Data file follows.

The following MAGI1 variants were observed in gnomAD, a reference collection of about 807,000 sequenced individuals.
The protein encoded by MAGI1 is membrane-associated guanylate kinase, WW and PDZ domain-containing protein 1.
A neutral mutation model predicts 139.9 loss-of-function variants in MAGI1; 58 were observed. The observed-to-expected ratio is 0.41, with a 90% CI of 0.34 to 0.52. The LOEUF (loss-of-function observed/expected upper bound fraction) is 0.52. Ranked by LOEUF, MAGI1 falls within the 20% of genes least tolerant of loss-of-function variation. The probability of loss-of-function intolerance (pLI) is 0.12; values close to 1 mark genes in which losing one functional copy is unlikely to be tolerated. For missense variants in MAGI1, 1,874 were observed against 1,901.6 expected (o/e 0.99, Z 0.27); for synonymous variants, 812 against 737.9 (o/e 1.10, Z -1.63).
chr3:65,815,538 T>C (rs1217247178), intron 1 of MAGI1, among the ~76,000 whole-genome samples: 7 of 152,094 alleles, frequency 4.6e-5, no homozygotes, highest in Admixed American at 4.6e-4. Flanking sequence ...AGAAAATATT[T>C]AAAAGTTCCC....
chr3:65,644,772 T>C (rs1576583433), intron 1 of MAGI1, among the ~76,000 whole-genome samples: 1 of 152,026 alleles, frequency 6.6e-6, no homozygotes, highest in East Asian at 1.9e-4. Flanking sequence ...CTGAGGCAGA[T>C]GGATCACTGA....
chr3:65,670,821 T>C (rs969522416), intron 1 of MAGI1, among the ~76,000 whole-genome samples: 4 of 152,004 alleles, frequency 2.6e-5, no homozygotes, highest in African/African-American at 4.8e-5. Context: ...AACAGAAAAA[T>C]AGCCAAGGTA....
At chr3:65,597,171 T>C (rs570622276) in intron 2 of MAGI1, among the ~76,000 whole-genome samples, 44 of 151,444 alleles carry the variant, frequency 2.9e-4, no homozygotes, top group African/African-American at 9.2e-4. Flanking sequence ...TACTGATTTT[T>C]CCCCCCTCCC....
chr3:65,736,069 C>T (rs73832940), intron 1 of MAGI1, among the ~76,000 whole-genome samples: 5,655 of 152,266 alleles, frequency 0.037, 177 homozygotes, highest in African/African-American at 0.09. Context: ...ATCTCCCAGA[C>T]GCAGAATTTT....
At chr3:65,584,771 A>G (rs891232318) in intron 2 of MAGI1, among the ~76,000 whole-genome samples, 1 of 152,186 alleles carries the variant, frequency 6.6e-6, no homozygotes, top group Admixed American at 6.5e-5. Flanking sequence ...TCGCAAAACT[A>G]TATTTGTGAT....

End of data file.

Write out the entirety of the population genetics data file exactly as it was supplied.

The following MAGI1 variants were observed in gnomAD, a reference collection of about 807,000 sequenced individuals.
The protein encoded by MAGI1 is membrane-associated guanylate kinase, WW and PDZ domain-containing protein 1.
A neutral mutation model predicts 139.9 loss-of-function variants in MAGI1; 58 were observed. The observed-to-expected ratio is 0.41, with a 90% CI of 0.34 to 0.52. The LOEUF (loss-of-function observed/expected upper bound fraction) is 0.52. Ranked by LOEUF, MAGI1 falls within the 20% of genes least tolerant of loss-of-function variation. The probability of loss-of-function intolerance (pLI) is 0.12; values close to 1 mark genes in which losing one functional copy is unlikely to be tolerated. For missense variants in MAGI1, 1,874 were observed against 1,901.6 expected (o/e 0.99, Z 0.27); for synonymous variants, 812 against 737.9 (o/e 1.10, Z -1.63).
chr3:65,815,538 T>C (rs1217247178), intron 1 of MAGI1, among the ~76,000 whole-genome samples: 7 of 152,094 alleles, frequency 4.6e-5, no homozygotes, highest in Admixed American at 4.6e-4. Flanking sequence ...AGAAAATATT[T>C]AAAAGTTCCC....
chr3:65,644,772 T>C (rs1576583433), intron 1 of MAGI1, among the ~76,000 whole-genome samples: 1 of 152,026 alleles, frequency 6.6e-6, no homozygotes, highest in East Asian at 1.9e-4. Flanking sequence ...CTGAGGCAGA[T>C]GGATCACTGA....
chr3:65,670,821 T>C (rs969522416), intron 1 of MAGI1, among the ~76,000 whole-genome samples: 4 of 152,004 alleles, frequency 2.6e-5, no homozygotes, highest in African/African-American at 4.8e-5. Context: ...AACAGAAAAA[T>C]AGCCAAGGTA....
At chr3:65,597,171 T>C (rs570622276) in intron 2 of MAGI1, among the ~76,000 whole-genome samples, 44 of 151,444 alleles carry the variant, frequency 2.9e-4, no homozygotes, top group African/African-American at 9.2e-4. Flanking sequence ...TACTGATTTT[T>C]CCCCCCTCCC....
chr3:65,736,069 C>T (rs73832940), intron 1 of MAGI1, among the ~76,000 whole-genome samples: 5,655 of 152,266 alleles, frequency 0.037, 177 homozygotes, highest in African/African-American at 0.09. Context: ...ATCTCCCAGA[C>T]GCAGAATTTT....
At chr3:65,584,771 A>G (rs891232318) in intron 2 of MAGI1, among the ~76,000 whole-genome samples, 1 of 152,186 alleles carries the variant, frequency 6.6e-6, no homozygotes, top group Admixed American at 6.5e-5. Flanking sequence ...TCGCAAAACT[A>G]TATTTGTGAT....